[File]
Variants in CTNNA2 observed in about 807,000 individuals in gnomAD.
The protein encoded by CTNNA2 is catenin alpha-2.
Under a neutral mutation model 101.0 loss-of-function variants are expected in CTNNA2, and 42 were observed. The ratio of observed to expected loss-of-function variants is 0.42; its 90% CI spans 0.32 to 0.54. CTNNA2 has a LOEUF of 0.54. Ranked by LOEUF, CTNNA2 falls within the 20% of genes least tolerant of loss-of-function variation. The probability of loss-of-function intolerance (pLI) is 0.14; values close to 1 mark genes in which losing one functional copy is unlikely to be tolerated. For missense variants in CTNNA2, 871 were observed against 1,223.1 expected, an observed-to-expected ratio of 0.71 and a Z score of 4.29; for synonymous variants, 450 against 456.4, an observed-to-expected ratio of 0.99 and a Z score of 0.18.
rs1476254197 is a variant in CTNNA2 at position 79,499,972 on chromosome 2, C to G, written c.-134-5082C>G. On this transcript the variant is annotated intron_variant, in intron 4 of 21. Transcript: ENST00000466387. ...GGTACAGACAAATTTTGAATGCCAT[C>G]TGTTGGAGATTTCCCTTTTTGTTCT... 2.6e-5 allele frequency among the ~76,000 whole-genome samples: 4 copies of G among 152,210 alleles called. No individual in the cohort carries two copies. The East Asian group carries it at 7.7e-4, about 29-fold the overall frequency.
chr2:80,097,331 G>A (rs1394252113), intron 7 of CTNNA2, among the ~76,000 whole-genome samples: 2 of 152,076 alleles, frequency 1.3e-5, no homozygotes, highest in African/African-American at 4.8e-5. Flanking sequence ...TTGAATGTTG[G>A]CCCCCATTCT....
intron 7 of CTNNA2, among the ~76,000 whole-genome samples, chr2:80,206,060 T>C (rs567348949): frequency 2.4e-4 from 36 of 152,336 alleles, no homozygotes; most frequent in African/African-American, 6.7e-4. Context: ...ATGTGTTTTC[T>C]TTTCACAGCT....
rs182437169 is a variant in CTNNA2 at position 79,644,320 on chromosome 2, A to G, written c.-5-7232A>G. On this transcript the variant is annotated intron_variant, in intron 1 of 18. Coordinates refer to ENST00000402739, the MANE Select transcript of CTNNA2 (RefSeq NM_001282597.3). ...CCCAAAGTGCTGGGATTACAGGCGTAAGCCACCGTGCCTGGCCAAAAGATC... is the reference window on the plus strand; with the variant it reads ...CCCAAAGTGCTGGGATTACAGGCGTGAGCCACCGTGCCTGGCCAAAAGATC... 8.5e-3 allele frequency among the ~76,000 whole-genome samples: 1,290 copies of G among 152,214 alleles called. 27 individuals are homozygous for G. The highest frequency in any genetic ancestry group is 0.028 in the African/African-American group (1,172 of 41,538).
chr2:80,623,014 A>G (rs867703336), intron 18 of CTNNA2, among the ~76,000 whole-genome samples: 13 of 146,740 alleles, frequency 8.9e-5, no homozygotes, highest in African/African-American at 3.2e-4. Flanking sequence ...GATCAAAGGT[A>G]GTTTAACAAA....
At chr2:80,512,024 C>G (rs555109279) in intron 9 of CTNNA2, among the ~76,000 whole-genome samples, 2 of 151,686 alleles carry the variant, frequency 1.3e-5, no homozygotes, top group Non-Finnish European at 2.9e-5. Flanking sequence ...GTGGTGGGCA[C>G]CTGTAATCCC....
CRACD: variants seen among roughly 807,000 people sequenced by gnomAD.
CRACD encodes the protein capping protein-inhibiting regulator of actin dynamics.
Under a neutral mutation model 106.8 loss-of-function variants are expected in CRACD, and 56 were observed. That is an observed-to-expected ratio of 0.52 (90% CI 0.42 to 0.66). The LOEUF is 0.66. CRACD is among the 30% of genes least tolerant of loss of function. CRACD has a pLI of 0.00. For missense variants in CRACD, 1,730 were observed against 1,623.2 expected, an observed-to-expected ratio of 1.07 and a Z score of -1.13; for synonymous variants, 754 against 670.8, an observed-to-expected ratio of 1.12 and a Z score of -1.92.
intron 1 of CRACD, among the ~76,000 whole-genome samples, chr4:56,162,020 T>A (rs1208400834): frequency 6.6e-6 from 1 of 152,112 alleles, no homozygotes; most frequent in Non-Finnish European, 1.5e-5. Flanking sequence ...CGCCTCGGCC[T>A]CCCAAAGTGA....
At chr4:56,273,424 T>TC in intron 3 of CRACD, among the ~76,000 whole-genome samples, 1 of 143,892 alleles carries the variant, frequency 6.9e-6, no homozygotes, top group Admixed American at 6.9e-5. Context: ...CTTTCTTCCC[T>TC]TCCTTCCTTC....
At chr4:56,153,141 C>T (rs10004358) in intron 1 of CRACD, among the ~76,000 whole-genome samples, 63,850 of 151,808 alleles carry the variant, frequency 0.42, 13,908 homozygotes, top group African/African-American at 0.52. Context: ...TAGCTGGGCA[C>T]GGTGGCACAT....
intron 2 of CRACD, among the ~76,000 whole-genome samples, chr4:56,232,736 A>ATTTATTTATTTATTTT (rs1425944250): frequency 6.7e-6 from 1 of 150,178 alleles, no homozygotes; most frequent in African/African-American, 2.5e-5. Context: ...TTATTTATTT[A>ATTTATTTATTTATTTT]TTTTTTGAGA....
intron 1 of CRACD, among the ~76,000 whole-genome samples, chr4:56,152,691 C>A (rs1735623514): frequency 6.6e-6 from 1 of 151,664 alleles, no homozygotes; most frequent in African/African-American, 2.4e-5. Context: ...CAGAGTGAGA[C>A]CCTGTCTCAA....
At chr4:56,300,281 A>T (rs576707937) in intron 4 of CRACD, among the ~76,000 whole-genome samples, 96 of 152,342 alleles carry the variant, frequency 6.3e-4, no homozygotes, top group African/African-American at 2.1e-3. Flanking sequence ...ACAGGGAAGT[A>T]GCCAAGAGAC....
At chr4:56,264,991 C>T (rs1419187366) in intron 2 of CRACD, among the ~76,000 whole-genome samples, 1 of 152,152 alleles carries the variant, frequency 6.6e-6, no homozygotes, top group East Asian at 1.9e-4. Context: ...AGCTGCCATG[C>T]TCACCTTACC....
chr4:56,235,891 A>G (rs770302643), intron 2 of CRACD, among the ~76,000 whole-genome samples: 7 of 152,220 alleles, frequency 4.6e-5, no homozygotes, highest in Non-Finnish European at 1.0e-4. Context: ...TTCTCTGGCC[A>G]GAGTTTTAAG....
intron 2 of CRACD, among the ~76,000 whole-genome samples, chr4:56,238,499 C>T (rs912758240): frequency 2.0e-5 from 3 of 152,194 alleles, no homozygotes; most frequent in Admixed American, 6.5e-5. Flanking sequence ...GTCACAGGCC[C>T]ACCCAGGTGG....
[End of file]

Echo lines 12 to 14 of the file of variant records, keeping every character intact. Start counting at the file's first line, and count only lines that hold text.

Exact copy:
Under a neutral mutation model 106.8 loss-of-function variants are expected in CRACD, and 56 were observed. That is an observed-to-expected ratio of 0.52 (90% CI 0.42 to 0.66). The LOEUF is 0.66. CRACD is among the 30% of genes least tolerant of loss of function. CRACD has a pLI of 0.00. For missense variants in CRACD, 1,730 were observed against 1,623.2 expected, an observed-to-expected ratio of 1.07 and a Z score of -1.13; for synonymous variants, 754 against 670.8, an observed-to-expected ratio of 1.12 and a Z score of -1.92.
intron 1 of CRACD, among the ~76,000 whole-genome samples, chr4:56,162,020 T>A (rs1208400834): frequency 6.6e-6 from 1 of 152,112 alleles, no homozygotes; most frequent in Non-Finnish European, 1.5e-5. Flanking sequence ...CGCCTCGGCC[T>A]CCCAAAGTGA....
At chr4:56,273,424 T>TC in intron 3 of CRACD, among the ~76,000 whole-genome samples, 1 of 143,892 alleles carries the variant, frequency 6.9e-6, no homozygotes, top group Admixed American at 6.9e-5. Context: ...CTTTCTTCCC[T>TC]TCCTTCCTTC....